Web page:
sleep apnea

Sleep dentistry really makes perfect sense, though it may seem odd to talk with your dentist about snoring or sleep apnea.  As your dentist, Dr. Meghan Stenvall will likely see you more often than your medical doctor. By looking in your mouth, she can see many signs of problems associated with sleep disorders; acid erosion of teeth due to acid reflux/heartburn, restricted airways, gag reflexes, crowded teeth, enlarged tongues, and more. Though Oral Appliance Therapy (OAT) can be just as effective in the treatment of snoring and obstructive sleep apnea (OSA) as continuous positive airway pressure (CPAP) therapy, a Sleep Medicine doctor can only offer a CPAP or medications. While she cannot officially diagnose you with sleep apnea, Dr. Stenvall is in the perfect position to identify the problem.

Queen City Dental Arts (QCDA) plays a pivotal role in coordinating the physician’s diagnosis with the appropriate treatment. One benefit of using a dentist trained in sleep dentistry such as Dr. Stenvall, is that she has treatment options for patients not ready for or comfortable with a CPAP. QCDA will recommend options based upon your specific diagnosis from your Sleep Medicine doctor. If you do not have a Sleep Medicine doctor, Dr. Stenvall will refer you for a sleep test at Ballantyne Sleep Center. Treatments range from professional SnoreGuards to oral sleep appliances to a CPAP, or a combination of approaches.

Sleep Apnea vs. Snoring

REMEMBER, not all snorers have sleep apnea, and not all people with sleep apnea snore. You may have both, but not necessarily!

Sleep apnea causes patients to stop breathing for short periods during the night.  This is due to your airway being blocked, usually by relaxation of the throat muscles and the tongue falling backwards.  Other contributing factors could be adenoids, enlarged tonsils, nasal congestion, deviated nasal septums, and excess weight. Your airway could remain blocked for a few seconds or it could last for over a minute at a time. Blocked breathing lowers blood oxygen levels, therefore, the more frequently this happens, the greater the risk to your health. This increases your risk of many cardiovascular and metabolic diseases.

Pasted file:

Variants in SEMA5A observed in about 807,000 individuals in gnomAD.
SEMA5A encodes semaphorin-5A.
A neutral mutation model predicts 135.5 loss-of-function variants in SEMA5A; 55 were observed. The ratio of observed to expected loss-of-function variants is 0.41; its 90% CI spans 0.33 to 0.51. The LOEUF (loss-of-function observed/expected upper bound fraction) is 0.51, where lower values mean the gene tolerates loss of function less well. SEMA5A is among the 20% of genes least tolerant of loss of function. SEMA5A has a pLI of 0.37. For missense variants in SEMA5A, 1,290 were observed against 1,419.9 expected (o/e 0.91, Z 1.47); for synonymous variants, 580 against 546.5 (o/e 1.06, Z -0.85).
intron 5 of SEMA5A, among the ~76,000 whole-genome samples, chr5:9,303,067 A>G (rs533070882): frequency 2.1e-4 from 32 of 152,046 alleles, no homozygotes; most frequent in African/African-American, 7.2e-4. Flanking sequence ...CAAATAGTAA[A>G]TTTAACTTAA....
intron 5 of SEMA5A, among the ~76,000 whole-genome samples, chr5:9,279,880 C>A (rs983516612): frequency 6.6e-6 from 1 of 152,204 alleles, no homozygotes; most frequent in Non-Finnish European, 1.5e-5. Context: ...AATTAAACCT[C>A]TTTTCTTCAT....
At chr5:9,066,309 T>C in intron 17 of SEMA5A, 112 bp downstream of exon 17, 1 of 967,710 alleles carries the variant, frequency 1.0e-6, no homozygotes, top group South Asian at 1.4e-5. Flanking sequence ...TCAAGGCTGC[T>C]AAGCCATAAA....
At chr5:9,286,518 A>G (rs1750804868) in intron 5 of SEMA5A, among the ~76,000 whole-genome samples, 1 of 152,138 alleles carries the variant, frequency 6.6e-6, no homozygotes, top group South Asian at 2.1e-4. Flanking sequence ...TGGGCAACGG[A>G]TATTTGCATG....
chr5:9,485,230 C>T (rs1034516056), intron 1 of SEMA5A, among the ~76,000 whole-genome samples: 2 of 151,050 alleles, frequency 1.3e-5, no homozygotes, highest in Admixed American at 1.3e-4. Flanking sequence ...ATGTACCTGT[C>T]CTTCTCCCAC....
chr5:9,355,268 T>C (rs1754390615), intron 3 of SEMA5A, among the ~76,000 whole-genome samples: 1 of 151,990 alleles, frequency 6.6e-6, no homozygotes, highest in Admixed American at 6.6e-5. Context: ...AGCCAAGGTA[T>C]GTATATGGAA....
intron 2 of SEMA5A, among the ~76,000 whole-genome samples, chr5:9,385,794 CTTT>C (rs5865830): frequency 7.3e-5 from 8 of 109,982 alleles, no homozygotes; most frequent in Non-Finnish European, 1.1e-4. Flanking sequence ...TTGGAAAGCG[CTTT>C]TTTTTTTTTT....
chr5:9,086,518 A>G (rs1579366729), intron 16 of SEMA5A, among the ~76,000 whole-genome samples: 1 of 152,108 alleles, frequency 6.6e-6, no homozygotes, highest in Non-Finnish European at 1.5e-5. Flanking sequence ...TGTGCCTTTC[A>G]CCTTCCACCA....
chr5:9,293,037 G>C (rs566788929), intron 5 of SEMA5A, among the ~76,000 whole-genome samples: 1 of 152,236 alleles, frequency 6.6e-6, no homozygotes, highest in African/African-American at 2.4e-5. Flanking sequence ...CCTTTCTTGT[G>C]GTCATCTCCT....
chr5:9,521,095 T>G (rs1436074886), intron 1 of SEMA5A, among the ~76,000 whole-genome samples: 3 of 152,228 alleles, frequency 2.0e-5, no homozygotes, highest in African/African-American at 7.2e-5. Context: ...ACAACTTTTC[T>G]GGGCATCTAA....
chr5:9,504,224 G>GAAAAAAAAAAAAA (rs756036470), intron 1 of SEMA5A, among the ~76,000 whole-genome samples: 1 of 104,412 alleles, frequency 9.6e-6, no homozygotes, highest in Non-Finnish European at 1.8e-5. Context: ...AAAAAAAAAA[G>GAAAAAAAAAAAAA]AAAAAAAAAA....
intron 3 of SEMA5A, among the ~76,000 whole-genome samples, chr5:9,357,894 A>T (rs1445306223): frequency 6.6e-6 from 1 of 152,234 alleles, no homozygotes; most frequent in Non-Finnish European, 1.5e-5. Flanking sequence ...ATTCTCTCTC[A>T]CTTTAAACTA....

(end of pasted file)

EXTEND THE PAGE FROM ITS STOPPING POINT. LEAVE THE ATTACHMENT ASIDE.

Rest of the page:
When the soft palate and uvula (the little thing that hangs down at the back of your throat) vibrate from air flowing over them, that sound made is snoring. Snoring alone isn’t dangerous, but when combined with sleep apnea, it is!

Sleep Apnea Can Cause Serious Health Concerns

There is ample data showing a substantial correlation between sleep apnea left untreated and serious medical conditions and reduced life expectancy. In simplicity, obstructive sleep apnea deprives your body and brain of oxygen. Your heart and lungs must work much harder due to the decrease in blood oxygen levels, leading to cardiovascular and metabolic disorders. The earlier the diagnoses and treatment, no matter your age, the greater the long-term health improvements.

Possible Symptoms of Sleep Apnea

You should be evaluated for sleep apnea if you have any of the symptoms listed below. You are very likely to have OSA if you have multiple conditions listed below.

  • Grinding or clenching your teeth at night and/or during the day
  • Wake yourself up with snoring/gasps of breath
  • Rarely get even 7 hours of sleep
  • Frequently wake up during the night for any reason